ethtool device_name

# nmcli con
NAME    UUID                                  TYPE      DEVICE 
enp1s0  c0ab6b8c-0eac-a1b4-1c47-efe4b2d1191f  ethernet  enp1s0 

# ethtool enp1s0
Settings for enp1s0:
	Supported ports: [ TP ]
	Supported link modes:   10baseT/Half 10baseT/Full 
	                        100baseT/Half 100baseT/Full 
	Supported pause frame use: No
	Supports auto-negotiation: Yes
	Supported FEC modes: Not reported
	Advertised link modes:  10baseT/Half 10baseT/Full 
	                        100baseT/Half 100baseT/Full 
	Advertised pause frame use: No
	Advertised auto-negotiation: Yes
	Advertised FEC modes: Not reported
	Speed: 1000Mb/s
	Duplex: Full
	Port: Twisted Pair
	Transceiver: internal
	Auto-negotiation: on
	MDI-X: off (auto)
	Supports Wake-on: pumbg
	Wake-on: g
	Current message level: 0x00000007 (7)
			       drv probe link
	Link detected: yes

From the above output we are able to see important settings such as Speed, Auto Negotiation, Duplex settings and link detection status.

Display Interface Device Driver

Using the "ethtool" utility you can display the name of the device driver that is in use for the specified device:

ethtool -i device_name

# ethtool -i enp1s0
driver: e1000e
version: 3.2.6-k
firmware-version: 2.1-0
bus-info: 0000:01:00.0
supports-statistics: yes
supports-test: yes
supports-eeprom-access: yes
supports-register-dump: yes
supports-priv-flags: no

In the example above, the device name is "enp1s0" and the driver in use is "e1000e". Additional firmware information will also be displayed.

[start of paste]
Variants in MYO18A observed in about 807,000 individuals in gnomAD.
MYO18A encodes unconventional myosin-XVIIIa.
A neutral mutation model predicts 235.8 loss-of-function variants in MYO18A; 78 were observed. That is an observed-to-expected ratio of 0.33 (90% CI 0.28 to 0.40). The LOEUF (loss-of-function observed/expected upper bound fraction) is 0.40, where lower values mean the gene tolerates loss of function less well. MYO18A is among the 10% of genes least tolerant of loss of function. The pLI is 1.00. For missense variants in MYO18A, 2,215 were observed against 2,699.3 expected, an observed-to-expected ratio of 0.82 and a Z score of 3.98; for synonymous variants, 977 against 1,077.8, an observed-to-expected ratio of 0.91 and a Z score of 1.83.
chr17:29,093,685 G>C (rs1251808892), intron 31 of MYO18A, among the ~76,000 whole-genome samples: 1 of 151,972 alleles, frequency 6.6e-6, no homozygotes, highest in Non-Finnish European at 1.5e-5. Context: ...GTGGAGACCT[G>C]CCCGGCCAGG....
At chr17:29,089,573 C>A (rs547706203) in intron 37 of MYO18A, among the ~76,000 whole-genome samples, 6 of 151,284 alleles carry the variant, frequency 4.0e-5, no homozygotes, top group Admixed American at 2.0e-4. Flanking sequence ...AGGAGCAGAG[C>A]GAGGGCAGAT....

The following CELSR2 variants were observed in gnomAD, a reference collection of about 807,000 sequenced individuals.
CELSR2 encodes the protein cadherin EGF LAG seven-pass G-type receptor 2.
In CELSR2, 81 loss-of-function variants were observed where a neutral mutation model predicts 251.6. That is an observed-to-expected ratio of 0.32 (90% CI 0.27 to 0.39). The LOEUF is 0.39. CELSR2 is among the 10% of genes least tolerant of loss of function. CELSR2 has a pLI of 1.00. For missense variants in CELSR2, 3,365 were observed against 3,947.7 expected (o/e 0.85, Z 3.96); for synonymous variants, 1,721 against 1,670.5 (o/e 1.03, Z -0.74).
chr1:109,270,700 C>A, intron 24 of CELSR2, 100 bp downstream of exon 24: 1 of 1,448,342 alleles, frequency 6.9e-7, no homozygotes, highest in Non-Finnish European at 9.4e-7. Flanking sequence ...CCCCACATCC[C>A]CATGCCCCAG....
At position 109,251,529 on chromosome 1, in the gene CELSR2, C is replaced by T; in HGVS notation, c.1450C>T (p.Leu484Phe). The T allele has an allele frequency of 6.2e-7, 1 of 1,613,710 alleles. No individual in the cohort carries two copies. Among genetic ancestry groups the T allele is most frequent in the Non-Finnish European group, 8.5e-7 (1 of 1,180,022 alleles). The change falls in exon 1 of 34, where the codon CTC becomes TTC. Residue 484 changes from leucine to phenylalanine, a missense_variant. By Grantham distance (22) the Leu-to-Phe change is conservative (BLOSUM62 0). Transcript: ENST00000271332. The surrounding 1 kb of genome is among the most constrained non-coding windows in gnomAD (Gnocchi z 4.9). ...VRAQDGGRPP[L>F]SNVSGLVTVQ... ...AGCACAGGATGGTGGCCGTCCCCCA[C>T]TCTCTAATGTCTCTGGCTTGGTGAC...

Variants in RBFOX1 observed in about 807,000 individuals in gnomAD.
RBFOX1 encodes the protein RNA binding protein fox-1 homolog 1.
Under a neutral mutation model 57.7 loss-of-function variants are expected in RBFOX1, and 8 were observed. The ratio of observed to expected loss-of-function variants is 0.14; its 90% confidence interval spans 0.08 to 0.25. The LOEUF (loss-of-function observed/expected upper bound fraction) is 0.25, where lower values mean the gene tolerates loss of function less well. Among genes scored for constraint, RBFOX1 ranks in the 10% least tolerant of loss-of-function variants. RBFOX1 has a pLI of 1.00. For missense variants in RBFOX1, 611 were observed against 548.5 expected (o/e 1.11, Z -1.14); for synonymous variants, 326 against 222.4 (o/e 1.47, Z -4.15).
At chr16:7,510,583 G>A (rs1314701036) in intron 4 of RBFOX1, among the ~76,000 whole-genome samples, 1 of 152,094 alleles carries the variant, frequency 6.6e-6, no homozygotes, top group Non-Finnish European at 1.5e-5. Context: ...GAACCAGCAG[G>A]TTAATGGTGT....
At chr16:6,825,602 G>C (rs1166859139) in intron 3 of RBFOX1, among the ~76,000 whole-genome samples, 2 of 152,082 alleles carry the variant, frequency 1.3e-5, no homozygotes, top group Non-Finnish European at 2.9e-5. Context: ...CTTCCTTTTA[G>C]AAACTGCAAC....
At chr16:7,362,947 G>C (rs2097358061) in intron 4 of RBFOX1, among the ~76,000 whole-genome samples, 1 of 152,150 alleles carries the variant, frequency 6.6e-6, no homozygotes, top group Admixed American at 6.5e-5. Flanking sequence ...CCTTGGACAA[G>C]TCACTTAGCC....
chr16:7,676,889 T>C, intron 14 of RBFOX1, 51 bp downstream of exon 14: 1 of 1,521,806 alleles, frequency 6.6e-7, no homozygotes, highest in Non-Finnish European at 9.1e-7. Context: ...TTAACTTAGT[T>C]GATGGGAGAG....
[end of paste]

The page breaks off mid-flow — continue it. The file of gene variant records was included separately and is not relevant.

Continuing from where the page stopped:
Display Interface Statistics

Using the "ethtool" utility you can display network statistics for your specified interface by using the option "--statistics" or "-S".

ethtool --statistics device_name

# ethtool --statistics enp1s0
NIC statistics:
     rx_packets: 39483
     tx_packets: 464
     rx_bytes: 4090264
     tx_bytes: 3297992
     rx_broadcast: 0
     tx_broadcast: 2
     rx_multicast: 0
     tx_multicast: 13
     rx_errors: 513
     tx_errors: 0
     tx_dropped: 0
     multicast: 0
     collisions: 0

The above example output has been reduced for clarity. More parameters/statistics will be displayed by default.

Changing Interface Settings

The "ethtool" utility gives you the ability to quickly change various settings on your interface. Below are some examples using the "--change" option. The "-s" option may also be used as the short-form version of the command.

ethtool --change device_name parameter

# ethtool --change enp1s0 speed 100 duplex full autoneg off

In the above example we specified a value for "speed", "duplex" and "autoneg". For a full list of these values, it is worth consulting the man pages by issuing the commands:
"man ethtool" or "ethtool --help".

Display Autonegotiate, RX and TX settings

To display the Autonegotiate, RX and TX settings, you can issue the command.

ethtool -a device_name

# ethtool -a enp1s0
Pause parameters for enp1s0:
Autonegotiate:	on
RX:		on
TX:		on

Blink Network Port Light

It is possible to identify a given port on an interface by issuing the "--identify" or "-p" option. This option will typically blink the LED light of your interface.

ethtool --identify device_name integer

# ethtool --identify enp1s0 20

In the above example the LED light will be illuminated for a period of 20 seconds on the specified interface. (Please note, this option is dependant on the type of interface and hardware)

Persistent Changes

If you have made any change using the "Ethtool", it is important to understand that by default, these changes will be lost after a system re-boot. However, it is possible to specify a script or command that can be run by adding entries into your start up scripts. On most systems this will be "/etc/rc.local". However, on many systems it is also possible to specify options directly within the interface configuration file.